Onthophagus taurus is a small shiny black beetle (8 – 10mm). Large males have a pair of sweeping long curved horns (like a longhorn bull). Small males (minor males) have tiny horns that extend upward from the back of the head. Females have no horns. They can be mistaken for female O. binodis however they are a shiny black and their pronotum is rounded.
Onthophagus taurus is widely distributed across southern Europe and north Africa and beyond. It has been one of the most successful releases in Australia. Studies suggest O. taurus may be displacing, or marginalising, O. binodis in some areas.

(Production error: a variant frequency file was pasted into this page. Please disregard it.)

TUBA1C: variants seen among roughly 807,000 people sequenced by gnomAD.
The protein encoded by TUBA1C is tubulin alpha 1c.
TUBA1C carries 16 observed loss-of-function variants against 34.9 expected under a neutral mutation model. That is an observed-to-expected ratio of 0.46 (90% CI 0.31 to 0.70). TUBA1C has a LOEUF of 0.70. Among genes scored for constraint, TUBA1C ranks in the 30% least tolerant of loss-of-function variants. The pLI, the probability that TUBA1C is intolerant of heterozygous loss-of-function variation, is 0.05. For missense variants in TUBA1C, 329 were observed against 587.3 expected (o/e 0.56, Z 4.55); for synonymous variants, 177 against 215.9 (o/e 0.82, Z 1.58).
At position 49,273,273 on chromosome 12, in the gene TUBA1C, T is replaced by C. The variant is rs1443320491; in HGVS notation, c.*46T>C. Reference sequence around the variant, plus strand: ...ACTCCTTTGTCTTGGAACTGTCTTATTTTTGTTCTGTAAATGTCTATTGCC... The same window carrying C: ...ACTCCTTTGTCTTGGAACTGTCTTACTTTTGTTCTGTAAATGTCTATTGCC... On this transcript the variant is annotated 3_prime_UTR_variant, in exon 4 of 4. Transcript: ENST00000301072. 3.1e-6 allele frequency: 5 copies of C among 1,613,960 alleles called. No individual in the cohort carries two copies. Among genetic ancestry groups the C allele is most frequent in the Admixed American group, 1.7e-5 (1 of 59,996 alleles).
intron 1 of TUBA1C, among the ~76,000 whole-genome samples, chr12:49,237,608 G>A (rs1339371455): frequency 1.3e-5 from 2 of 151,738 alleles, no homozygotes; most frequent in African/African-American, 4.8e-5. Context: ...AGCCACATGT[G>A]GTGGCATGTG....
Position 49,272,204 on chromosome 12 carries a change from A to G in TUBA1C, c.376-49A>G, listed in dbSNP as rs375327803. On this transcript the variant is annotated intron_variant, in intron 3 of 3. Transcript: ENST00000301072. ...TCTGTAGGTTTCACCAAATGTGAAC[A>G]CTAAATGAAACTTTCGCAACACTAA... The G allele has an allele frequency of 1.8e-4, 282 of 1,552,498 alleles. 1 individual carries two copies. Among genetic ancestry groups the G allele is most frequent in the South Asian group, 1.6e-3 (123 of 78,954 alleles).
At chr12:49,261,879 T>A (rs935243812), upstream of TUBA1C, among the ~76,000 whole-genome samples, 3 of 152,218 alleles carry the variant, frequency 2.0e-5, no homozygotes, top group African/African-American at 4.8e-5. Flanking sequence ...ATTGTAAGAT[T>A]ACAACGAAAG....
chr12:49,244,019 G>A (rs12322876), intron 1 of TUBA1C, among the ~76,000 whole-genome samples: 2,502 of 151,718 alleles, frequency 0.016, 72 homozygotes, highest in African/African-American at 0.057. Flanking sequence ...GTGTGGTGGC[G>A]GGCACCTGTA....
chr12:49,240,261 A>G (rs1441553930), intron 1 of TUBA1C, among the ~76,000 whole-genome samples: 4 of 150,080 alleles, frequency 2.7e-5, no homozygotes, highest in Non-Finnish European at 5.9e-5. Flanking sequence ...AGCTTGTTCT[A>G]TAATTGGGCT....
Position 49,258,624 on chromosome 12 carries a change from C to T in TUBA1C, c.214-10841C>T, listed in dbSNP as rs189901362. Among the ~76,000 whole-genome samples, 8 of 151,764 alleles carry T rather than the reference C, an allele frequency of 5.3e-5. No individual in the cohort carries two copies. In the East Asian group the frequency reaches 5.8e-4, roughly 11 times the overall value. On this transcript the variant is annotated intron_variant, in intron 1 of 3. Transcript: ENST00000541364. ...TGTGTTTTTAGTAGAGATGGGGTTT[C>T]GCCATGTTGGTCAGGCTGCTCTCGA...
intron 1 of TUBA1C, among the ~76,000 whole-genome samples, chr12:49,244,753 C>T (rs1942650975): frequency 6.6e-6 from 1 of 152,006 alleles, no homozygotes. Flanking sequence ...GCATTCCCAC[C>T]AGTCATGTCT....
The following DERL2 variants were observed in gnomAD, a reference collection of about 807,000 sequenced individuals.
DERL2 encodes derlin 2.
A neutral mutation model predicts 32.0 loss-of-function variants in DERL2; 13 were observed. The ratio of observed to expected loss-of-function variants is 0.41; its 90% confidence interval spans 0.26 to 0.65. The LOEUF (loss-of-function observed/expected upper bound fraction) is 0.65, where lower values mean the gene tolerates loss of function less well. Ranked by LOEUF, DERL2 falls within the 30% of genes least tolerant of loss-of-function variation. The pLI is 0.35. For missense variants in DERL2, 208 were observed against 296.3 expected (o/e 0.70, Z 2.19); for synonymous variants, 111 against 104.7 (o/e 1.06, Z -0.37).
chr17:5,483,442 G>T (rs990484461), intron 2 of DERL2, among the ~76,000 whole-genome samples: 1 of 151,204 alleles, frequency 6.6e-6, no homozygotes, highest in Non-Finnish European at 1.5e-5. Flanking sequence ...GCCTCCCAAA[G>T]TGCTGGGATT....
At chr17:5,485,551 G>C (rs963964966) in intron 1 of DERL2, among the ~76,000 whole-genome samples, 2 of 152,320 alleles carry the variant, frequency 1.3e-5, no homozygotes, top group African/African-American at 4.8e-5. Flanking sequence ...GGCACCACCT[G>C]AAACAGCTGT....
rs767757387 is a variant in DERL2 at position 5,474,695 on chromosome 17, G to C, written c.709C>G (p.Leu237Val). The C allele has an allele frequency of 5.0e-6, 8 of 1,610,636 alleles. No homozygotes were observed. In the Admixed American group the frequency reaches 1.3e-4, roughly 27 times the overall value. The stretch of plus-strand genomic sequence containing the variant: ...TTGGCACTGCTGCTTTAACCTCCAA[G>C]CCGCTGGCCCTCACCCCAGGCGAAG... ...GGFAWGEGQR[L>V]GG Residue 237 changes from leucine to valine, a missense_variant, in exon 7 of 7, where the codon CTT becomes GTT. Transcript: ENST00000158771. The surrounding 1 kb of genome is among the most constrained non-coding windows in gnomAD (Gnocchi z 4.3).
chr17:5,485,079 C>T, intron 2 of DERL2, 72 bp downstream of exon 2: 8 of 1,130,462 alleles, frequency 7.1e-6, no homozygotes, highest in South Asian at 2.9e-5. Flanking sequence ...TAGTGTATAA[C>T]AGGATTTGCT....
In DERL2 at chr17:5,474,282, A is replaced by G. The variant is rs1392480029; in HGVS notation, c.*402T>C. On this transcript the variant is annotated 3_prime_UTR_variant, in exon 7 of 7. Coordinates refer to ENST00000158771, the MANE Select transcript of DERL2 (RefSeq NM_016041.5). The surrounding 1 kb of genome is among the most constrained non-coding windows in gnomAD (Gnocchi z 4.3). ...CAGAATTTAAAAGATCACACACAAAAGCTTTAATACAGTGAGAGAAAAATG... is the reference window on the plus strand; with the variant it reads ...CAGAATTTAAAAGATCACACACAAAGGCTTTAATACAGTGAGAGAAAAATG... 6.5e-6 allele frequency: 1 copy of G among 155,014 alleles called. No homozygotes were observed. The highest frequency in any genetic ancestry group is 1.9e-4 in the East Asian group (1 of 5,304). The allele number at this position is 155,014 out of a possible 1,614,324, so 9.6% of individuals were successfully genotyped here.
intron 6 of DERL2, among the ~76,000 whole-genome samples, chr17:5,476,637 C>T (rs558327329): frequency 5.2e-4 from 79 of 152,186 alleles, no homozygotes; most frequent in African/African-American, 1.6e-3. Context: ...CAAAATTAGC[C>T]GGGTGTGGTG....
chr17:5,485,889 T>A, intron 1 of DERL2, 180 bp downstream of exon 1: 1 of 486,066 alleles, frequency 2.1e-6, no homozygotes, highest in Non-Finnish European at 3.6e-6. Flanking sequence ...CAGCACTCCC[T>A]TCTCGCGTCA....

Onthophagus taurus flies during the day and are active from spring until autumn. Shallow nests are constructed beneath the dung pad to depths of 10cn in sandy soils. Nests comprise several brood masses, each with a single egg. Development from egg to adult takes 6 to 8 weeks.
Minor males dig side tunnels and sneak past the major males to copulate with the guarded females.